But in the late 1800’s, Jews in Eastern Europe started to move back to the land of Israel ... to what had been re-named Palestine. Among their number was a man Eliezer ben Yehuda, who became a leader of the movement behind the revival of the Hebrew language as a language of the Jewish people in the land of Israel.
Hebrew moved from having been a sacred, liturgical language to an everyday language and today it is spoken by more than 6 million people in Israel. It is the only example in history of a sacred language becoming a national language. It is a miracle, and I see the hand of God in it.
Here on the screen is a chart of the 22 letters of the Hebrew alphabet (see Hebrew alphabet) . Hebrew is read from right to left.
The first letter is an Alef, and the last letter is a Tav. In English, we would say “from A to Z”, in Greek they would say “from Alpha to Omega”, but in Hebrew they would say “from Alef to Tav”.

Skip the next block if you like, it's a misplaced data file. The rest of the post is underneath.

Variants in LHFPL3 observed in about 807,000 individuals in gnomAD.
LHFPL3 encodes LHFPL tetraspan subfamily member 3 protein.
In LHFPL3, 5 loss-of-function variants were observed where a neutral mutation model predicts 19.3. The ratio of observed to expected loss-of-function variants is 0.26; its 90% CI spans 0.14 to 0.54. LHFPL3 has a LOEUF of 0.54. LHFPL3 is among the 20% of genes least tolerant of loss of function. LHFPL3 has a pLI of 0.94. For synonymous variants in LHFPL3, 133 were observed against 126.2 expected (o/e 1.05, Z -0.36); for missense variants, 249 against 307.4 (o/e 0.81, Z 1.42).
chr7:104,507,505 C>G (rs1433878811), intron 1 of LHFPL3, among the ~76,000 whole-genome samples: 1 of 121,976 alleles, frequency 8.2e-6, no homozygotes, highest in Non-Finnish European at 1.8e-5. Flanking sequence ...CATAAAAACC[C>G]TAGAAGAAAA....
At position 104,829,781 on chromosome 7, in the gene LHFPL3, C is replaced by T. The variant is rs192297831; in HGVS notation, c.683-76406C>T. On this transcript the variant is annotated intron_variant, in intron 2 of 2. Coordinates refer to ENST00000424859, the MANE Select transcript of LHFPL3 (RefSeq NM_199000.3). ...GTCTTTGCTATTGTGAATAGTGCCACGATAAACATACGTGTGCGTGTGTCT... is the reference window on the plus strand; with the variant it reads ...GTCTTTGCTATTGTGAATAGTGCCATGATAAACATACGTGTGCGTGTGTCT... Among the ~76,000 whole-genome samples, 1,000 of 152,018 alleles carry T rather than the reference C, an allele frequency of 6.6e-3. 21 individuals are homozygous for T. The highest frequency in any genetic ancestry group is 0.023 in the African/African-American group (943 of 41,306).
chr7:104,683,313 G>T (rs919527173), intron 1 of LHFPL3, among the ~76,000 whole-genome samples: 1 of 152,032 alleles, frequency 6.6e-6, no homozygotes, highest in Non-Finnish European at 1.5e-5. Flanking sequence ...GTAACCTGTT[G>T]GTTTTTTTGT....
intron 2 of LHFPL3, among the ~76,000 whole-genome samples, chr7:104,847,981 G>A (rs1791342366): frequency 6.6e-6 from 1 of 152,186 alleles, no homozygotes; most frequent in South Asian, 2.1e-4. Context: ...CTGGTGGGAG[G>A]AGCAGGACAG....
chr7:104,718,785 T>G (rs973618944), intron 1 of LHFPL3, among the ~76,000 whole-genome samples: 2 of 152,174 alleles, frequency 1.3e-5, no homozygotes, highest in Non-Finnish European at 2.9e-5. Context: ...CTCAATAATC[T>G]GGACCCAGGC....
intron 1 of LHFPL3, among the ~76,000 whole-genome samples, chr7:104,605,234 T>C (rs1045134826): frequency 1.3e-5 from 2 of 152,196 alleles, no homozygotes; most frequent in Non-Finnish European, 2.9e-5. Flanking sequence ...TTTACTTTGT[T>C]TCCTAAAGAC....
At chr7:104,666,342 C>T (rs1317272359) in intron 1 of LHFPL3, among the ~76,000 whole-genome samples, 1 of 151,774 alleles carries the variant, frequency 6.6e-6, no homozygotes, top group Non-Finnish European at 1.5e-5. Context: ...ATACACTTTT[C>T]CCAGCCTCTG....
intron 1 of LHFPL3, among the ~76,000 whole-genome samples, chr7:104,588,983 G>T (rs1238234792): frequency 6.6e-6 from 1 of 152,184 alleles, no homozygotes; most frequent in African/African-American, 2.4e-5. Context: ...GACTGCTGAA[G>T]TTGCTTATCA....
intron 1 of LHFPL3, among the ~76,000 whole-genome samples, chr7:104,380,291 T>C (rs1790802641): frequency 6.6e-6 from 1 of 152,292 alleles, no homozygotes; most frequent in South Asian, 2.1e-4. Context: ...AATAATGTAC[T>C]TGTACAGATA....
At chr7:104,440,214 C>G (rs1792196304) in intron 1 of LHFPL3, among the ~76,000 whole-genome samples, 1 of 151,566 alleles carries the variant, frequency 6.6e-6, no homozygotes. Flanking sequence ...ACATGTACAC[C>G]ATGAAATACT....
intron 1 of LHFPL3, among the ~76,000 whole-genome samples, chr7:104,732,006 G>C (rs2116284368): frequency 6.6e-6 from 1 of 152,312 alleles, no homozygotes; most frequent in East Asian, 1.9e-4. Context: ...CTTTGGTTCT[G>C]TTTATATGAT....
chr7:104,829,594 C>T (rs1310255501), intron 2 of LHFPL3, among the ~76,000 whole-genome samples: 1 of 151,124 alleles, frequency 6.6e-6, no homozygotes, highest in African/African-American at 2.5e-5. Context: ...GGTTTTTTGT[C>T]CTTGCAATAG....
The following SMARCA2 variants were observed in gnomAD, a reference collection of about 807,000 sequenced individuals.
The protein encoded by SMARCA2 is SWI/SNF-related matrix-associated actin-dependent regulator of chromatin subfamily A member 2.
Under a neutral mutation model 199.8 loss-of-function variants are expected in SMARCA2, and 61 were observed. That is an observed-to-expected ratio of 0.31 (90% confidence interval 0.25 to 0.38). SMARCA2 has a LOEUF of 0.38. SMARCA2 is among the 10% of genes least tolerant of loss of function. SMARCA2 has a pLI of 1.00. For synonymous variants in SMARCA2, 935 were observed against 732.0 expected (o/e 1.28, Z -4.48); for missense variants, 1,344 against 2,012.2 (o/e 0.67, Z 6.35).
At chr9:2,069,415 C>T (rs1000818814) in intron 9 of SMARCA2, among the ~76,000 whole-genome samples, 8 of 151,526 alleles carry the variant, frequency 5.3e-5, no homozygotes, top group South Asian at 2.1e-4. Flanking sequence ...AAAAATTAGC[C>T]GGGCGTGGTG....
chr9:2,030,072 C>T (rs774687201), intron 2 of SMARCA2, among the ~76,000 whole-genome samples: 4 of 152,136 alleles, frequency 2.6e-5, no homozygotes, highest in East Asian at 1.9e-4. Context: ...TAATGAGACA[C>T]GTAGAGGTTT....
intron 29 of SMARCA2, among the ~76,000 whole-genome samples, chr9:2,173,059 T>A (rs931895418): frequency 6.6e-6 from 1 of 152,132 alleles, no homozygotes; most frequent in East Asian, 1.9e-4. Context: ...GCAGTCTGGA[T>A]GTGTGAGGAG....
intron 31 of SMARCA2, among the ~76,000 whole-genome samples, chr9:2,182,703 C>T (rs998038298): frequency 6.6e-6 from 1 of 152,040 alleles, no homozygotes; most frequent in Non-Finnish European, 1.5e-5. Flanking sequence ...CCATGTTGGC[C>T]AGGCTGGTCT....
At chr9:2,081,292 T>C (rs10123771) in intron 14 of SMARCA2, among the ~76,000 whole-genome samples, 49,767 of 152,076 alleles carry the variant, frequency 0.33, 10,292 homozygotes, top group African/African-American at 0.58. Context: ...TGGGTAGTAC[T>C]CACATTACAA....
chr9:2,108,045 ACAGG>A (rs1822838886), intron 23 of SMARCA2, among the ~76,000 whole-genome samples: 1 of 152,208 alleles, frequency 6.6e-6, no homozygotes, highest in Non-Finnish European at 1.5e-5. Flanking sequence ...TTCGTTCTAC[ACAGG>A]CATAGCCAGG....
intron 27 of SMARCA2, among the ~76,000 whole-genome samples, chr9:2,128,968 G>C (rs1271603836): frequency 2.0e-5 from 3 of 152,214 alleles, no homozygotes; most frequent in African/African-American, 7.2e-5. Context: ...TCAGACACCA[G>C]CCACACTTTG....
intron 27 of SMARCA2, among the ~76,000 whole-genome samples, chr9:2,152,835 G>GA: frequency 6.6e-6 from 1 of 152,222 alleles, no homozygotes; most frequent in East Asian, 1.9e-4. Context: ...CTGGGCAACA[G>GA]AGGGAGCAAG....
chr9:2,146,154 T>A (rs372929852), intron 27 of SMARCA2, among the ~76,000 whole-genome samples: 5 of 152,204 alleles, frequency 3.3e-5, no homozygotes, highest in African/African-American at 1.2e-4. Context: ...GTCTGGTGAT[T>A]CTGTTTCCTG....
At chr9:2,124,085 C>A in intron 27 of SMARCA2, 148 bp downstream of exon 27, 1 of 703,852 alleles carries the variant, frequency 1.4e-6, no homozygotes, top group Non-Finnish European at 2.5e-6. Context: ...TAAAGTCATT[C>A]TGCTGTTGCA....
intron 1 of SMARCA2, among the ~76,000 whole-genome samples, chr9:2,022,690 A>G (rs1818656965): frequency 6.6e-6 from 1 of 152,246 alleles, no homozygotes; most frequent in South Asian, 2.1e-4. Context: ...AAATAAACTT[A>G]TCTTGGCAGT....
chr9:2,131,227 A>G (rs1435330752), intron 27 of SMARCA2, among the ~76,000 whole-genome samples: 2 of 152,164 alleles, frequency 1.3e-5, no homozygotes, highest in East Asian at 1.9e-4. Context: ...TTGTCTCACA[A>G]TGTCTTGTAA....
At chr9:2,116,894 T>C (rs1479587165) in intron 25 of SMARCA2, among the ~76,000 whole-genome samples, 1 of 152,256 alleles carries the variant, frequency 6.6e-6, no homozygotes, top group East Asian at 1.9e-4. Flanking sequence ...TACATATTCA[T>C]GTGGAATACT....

Note that Hebrew has no lower case letters. They don’t have capital letters and then smaller letters as we do in English. All letters are capitals.
Also, all letters are consonants. There are no vowel letters in the Hebrew language.
About 500 years after Jesus, Jewish scribes – the Masoretic scribes – in the city of Tiberius in the Galilee, came together to decide on a system of vowel pointing, so that the pronunciation of words could be preserved for liturgical purposes. What are called “nikud” or “nikudot” (plural) – vowel points – were developed. They indicate vowel sounds and alternative pronunciation of certain letters of the Hebrew alphabet.